Neal Russo

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Neal Russo creates a sportsword puzzle.

Aniello "Neal" Russo (June 12, 1920 – March 6, 1996) was an American sportswriter.

Russo was one of 14 children born to Italian immigrants and grocers Thomasina and Pietro Russo in Farrell, Pennsylvania.[1] He graduated from Farrell High School in 1938,[2] and later from the University of Pittsburgh at the top of his class.[3]

During World War II, he served in the 434th Fighter Squadron in Army Air Corps, primarily at RAF Wattisham, with the final rank of Technical Sergeant.[4] He wrote the 479th Fighter Group's newspaper, Kontak, for which future brigadier general and triple ace Robin Olds created cartoons.[5]

After the war, Russo moved to St. Louis, Missouri and began a 43-year career at the St. Louis Post-Dispatch. He was on the St. Louis Browns beat for their final two seasons in St. Louis in 1952–1953.[1] He succeeded Bob Broeg and preceded Rick Hummel on the St. Louis Cardinals beat from 1959–1978.[1][6] His unconventional work practices and antics around the offices of the Post-Dispatch, Busch Stadium, and beyond, included weight-loss challenges and stand-up comedy routines.[1][7][8]

Russo moonlit as an official scorer and as a crossword puzzle writer. On April 6, 1978, he made a controversial call that resulted in Bob Forsch's first no-hitter. The call was much discussed in baseball circles, including in Sports Illustrated.[9]

He covered St. Louis Flyers hockey, boxing, and youth sports.[7] In addition to his work with the Post-Dispatch, he contributed to Sports Illustrated and The Sporting News.[1]

Russo died of congestive heart failure on March 6, 1996, in St. Louis.[8] He was buried at New Bethlehem Memorial Park Cemetery in Bellefontaine Neighbors, Missouri.[4] He was inducted to the St. Louis Amateur Baseball Hall of Fame posthumously in 2002.[10]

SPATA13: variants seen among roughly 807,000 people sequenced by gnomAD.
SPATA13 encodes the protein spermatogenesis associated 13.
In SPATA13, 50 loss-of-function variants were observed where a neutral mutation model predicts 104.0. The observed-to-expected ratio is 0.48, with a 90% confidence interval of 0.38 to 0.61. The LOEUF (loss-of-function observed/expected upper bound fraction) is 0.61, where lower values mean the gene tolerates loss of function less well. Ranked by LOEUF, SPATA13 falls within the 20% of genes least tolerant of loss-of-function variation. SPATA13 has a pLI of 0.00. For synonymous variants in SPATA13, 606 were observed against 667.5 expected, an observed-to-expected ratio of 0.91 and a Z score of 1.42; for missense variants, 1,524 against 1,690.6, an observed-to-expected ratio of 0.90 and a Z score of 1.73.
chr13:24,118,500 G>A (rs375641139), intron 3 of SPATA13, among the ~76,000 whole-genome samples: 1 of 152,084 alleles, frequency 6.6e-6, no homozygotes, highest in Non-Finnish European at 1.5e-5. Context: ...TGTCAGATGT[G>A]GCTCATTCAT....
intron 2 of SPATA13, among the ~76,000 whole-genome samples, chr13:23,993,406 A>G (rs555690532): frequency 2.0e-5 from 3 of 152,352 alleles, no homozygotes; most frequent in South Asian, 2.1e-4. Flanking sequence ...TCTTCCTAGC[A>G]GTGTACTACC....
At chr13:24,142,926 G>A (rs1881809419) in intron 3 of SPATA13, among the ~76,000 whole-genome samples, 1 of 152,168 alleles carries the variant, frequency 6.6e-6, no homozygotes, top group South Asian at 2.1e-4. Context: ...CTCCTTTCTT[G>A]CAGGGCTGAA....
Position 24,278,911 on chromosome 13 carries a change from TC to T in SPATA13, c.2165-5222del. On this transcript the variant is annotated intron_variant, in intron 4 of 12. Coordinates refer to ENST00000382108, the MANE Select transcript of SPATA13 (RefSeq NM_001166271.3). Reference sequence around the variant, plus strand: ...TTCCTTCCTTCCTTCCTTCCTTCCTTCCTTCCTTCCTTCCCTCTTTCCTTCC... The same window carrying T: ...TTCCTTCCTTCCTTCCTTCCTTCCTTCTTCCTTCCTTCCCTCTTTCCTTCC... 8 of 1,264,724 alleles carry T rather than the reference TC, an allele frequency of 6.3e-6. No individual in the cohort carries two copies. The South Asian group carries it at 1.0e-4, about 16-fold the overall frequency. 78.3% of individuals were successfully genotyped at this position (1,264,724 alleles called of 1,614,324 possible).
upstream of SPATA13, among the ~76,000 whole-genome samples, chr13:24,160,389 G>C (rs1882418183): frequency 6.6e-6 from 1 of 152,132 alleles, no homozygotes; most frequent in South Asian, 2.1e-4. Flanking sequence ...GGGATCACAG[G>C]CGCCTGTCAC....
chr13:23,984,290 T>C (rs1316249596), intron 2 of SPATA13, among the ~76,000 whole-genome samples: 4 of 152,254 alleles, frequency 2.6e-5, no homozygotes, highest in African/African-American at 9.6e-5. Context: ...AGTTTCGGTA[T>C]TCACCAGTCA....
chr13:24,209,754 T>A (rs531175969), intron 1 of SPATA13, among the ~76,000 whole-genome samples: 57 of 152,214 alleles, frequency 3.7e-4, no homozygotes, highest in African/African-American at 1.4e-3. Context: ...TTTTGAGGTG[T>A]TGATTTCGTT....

References[edit]

  1. ^ a b c d e Wheatley, Tom (March 7, 1996). "NEAL RUSSO, AN INSTITUTION AT POST, DIES". St. Louis Post-Dispatch. Retrieved 2018-04-07.(subscription required)
  2. ^ "Farrell Senior High School - Farrell, Pennsylvania - Class of 1938 Alumni". pedasfamily.com. Retrieved 2018-04-07.
  3. ^ Compiled, F.R. (March 22, 2002). "WORRELL TO BE GUEST SPEAKER AT THE HALL OF FAME DINNER". St. Louis Post-Dispatch. Retrieved 2018-04-07.(subscription required)
  4. ^ a b "Neal "The Black Cat" Russo (1920-1996) - Find A..." www.findagrave.com. Retrieved 2018-04-07.
  5. ^ Fairfield, Terry A. (2004). The 479th Fighter Group in World War II : in action over Europe with the P-38 and P-51. Atglen, PA: Schiffer Military History. ISBN 9780764320569. OCLC 58653175.
  6. ^ "STL Press Club 2014 Honorees". stlpressclub.org. Retrieved 2018-04-07.
  7. ^ a b Wheatley, Tom (10 March 1996). "THE NATURAL: RUSSO SWUNG FOR FENCES, PLAYED TO GRANDSTAND". St. Louis Post-Dispatch. Retrieved 2018-04-07.(subscription required)
  8. ^ a b Bertelson, Christine (March 7, 1996). "A MAN WHO SPOKE LATIN AND SOLD RUBBER CHICKENS". St. Louis Post-Dispatch. Retrieved 2018-04-07.(subscription required)
  9. ^ Kaplan, Jim (24 July 1978). "Do they really know the score?". Sports Illustrated. Retrieved 2018-04-07.
  10. ^ "St. Louis Amateur Baseball Hall of Fame". 2018-04-07.